More than 75 local independent filmmakers gathered at the O Cinema Art Theater in Wynwood on Saturday, July 11, for a special workshop on making films and marketing them.
The indie movie producers, writers, directors and actors are all part of a Miami-based networking organization called FILMGATE Interactive, created by its executive director, Diliana Alexander, and others.
What might be called their mission statement is “I’m Not Gonna Move to L.A.,” meaning that they are determined to pursue their passion and their craft right here at home instead of heading for Hollywood, CA.
“All the workshops we’ve done, we’ve done them as we want to take them, meaning that we know we’re also learning from these workshops,” Alexander said. “Anything we’ve created is something that interests us as well as filmmakers because FILMGATE is formed out of filmmakers. We always come from that perspective.”
She said that they don’t create workshops for fundraising. They see a need and a lack of knowledge, or in some cases, a lack of knowledge and inspiration.
“What we did with Kenny [Riches] today is a necessary skill that needs to be improved on,” Alexander said.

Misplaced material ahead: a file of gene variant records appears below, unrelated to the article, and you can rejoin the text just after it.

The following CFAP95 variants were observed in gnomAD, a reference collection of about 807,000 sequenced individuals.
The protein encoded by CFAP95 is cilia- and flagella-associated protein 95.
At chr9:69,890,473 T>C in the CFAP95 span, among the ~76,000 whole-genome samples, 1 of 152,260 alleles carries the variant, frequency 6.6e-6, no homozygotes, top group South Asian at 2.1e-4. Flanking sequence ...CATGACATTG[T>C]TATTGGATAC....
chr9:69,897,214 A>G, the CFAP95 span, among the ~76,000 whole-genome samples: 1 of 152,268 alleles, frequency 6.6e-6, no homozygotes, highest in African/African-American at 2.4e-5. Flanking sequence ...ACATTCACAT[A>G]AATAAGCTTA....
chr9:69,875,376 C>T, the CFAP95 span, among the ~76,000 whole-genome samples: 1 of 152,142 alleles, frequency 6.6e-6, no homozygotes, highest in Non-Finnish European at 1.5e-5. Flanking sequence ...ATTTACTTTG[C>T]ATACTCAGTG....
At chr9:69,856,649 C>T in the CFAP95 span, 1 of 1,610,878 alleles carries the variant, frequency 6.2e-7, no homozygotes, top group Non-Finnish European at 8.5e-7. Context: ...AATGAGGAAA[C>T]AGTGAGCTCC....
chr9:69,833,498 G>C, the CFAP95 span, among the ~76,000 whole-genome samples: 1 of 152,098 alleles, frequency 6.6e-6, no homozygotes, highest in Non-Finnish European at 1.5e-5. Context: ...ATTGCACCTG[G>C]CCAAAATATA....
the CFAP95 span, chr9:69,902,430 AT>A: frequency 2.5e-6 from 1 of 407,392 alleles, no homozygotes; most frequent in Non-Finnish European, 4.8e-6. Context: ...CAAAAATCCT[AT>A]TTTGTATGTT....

“The next one will be on casting directors. So many of our members have come to us and said ‘Which casting director should we hire?’ “We didn’t know how to answer that question with an informed opinion, so we want to educate ourselves as well. We’re inviting a few casting directors to see what they’re offering, to see what their specific practice entails, so we know how to marry certain projects with certain casting directors. Everything comes from necessity.” The Bulgarian-born Alexander has lived and worked all over the world — in Austria, Hong Kong, Montreal, New York City and Toronto. She graduated with a master’s in film in Miami.
“I saw other filmmakers who were coming out of film schools and they were just lost,” she said. “They didn’t have enough skill to start working on film sets, or they didn’t know how to cast their films. They didn’t have any support. There was no organization that was doing this, so we know that this organization had to exist. We basically created the organization that we would have loved to have. Every major city that is a film city has an organization like ours.”
Guest speaker for the workshop was Kenny Riches, a Miami-based filmmaker who moved to Miami three and a half years ago and who shot his own film, The Strongest Man, on a shoestring budget of just $24,000. That film was accepted into the Sundance Film Festival, one of the most prestigious in the nation, and demonstrated what could be accomplished.
His almost four-hour talk delved into virtually all aspects of production, scripting, budgeting, legal issues, working with actors, finding agents and distributors. But he stressed that getting into a major film festival should not be your ultimate goal.
“Just because you make a film that doesn’t get into Sundance doesn’t mean anything,” Riches said. “Sundance shouldn’t be the end all and be all. Make movies because you love making movies.”